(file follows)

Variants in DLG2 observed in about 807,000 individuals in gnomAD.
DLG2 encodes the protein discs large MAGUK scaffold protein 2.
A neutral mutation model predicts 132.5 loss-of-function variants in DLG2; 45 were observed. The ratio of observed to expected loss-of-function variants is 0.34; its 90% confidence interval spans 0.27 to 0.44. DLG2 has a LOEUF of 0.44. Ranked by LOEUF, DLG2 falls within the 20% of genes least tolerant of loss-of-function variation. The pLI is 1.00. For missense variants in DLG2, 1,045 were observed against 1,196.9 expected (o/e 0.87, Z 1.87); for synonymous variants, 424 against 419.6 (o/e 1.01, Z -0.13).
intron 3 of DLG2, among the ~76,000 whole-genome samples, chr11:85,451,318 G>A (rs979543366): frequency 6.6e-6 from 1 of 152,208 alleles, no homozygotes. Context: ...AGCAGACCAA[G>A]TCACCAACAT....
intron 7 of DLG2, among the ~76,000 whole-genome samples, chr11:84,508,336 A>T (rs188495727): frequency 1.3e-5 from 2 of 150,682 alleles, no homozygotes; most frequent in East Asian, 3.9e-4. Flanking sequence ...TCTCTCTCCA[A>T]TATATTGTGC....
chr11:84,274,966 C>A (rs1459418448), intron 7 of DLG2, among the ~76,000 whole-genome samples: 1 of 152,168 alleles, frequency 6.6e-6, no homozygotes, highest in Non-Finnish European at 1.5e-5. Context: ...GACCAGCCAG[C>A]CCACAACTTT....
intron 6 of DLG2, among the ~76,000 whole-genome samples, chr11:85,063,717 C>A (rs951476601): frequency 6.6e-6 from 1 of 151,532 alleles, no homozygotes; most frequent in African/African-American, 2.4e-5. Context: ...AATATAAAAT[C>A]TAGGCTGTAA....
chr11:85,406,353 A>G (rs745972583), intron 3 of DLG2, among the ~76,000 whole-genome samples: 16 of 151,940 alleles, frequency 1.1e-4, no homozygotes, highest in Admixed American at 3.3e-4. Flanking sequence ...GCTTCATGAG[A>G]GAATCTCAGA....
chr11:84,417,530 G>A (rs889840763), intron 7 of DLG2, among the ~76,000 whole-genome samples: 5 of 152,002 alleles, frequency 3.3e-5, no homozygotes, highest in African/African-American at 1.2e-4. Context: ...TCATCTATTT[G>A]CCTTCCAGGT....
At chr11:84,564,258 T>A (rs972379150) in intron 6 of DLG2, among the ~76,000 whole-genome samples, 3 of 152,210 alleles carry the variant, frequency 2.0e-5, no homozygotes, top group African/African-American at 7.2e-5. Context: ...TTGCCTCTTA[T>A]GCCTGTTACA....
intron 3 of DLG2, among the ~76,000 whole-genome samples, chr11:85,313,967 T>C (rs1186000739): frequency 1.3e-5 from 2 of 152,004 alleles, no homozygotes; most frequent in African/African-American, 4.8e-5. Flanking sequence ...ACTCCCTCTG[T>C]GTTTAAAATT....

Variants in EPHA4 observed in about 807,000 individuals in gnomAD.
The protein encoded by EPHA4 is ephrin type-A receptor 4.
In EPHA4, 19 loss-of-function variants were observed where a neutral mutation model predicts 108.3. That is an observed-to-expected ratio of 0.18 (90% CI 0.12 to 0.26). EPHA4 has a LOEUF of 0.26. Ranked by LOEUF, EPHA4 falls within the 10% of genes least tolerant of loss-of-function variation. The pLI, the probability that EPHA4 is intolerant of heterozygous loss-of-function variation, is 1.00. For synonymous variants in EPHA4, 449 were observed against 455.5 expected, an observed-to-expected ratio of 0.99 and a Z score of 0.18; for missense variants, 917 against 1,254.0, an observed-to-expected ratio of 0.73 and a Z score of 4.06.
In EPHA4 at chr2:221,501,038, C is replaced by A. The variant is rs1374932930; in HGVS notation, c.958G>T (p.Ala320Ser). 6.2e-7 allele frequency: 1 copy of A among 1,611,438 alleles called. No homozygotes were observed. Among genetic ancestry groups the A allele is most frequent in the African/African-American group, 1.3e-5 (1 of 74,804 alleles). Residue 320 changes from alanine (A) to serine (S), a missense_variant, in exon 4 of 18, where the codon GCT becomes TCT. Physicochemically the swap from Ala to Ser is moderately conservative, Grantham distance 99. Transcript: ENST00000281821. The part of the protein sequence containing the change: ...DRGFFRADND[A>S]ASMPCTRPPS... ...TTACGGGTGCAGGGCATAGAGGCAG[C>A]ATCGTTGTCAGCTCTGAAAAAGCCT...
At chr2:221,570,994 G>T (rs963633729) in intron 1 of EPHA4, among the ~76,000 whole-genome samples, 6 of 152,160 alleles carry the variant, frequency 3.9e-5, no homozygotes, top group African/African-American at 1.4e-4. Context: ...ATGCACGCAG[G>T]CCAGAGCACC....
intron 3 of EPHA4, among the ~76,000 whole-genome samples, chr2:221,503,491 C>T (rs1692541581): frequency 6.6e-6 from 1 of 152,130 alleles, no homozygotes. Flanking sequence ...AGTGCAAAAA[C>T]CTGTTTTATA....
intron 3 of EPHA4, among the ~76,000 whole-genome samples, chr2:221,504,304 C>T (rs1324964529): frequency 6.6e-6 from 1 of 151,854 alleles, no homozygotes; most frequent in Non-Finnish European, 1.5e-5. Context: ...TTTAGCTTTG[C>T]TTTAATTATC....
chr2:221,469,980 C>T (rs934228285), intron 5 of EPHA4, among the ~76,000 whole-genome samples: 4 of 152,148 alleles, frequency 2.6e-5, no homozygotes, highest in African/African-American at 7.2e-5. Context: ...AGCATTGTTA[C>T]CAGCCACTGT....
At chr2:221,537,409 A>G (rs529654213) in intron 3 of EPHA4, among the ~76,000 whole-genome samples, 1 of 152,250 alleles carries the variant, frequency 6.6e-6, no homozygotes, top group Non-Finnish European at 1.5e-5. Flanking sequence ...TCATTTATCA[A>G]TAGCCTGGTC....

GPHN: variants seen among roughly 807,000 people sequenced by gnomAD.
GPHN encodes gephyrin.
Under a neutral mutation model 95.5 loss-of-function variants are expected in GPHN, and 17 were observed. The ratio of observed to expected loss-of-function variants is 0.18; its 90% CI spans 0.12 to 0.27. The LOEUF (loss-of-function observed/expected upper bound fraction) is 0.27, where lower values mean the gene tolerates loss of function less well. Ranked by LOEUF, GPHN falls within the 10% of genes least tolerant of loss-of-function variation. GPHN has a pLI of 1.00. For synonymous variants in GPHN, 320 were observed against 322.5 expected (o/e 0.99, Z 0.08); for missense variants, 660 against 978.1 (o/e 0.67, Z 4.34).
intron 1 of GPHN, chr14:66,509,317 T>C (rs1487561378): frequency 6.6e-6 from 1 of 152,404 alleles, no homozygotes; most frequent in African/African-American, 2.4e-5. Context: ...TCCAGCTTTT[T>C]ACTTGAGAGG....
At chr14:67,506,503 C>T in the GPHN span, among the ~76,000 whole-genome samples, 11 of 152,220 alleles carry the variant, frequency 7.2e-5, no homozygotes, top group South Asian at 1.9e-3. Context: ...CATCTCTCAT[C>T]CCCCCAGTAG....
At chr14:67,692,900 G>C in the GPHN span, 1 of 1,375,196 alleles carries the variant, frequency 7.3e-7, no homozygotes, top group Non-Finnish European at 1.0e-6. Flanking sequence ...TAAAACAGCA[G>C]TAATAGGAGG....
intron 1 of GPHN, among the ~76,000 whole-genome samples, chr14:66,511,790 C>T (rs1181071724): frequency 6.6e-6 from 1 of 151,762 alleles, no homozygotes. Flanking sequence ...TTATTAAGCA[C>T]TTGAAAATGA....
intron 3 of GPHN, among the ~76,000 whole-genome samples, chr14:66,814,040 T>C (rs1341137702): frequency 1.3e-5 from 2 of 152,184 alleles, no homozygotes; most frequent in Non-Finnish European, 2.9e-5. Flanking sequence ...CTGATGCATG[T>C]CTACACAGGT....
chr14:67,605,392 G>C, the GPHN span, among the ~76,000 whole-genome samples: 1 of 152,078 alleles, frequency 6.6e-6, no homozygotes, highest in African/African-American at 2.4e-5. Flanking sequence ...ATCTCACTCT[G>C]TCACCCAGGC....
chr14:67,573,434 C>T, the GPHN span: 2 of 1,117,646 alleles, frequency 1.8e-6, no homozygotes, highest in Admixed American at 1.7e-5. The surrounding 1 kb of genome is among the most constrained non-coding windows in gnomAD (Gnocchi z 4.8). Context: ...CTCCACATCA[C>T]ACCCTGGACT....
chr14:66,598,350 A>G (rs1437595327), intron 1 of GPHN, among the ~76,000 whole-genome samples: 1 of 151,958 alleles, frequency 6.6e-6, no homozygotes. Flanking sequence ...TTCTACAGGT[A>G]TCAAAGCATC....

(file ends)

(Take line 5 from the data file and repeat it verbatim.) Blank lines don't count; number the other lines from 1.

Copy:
intron 7 of DLG2, among the ~76,000 whole-genome samples, chr11:84,508,336 A>T (rs188495727): frequency 1.3e-5 from 2 of 150,682 alleles, no homozygotes; most frequent in East Asian, 3.9e-4. Flanking sequence ...TCTCTCTCCA[A>T]TATATTGTGC....